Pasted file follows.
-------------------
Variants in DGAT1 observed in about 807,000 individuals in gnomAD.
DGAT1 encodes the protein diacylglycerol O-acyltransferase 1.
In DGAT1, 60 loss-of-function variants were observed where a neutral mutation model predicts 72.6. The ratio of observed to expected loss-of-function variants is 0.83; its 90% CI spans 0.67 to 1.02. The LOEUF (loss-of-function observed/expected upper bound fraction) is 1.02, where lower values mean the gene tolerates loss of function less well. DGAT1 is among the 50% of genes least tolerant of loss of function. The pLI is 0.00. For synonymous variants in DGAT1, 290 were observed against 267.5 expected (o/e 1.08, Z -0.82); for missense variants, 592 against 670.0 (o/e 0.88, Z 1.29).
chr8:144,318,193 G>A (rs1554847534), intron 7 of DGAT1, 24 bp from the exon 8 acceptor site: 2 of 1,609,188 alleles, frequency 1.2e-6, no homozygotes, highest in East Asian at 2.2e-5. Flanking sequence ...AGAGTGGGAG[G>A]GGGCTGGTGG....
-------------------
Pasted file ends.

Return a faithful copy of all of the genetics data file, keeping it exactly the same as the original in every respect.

Variants in DGAT1 observed in about 807,000 individuals in gnomAD.
DGAT1 encodes the protein diacylglycerol O-acyltransferase 1.
In DGAT1, 60 loss-of-function variants were observed where a neutral mutation model predicts 72.6. The ratio of observed to expected loss-of-function variants is 0.83; its 90% CI spans 0.67 to 1.02. The LOEUF (loss-of-function observed/expected upper bound fraction) is 1.02, where lower values mean the gene tolerates loss of function less well. DGAT1 is among the 50% of genes least tolerant of loss of function. The pLI is 0.00. For synonymous variants in DGAT1, 290 were observed against 267.5 expected (o/e 1.08, Z -0.82); for missense variants, 592 against 670.0 (o/e 0.88, Z 1.29).
chr8:144,318,193 G>A (rs1554847534), intron 7 of DGAT1, 24 bp from the exon 8 acceptor site: 2 of 1,609,188 alleles, frequency 1.2e-6, no homozygotes, highest in East Asian at 2.2e-5. Flanking sequence ...AGAGTGGGAG[G>A]GGGCTGGTGG....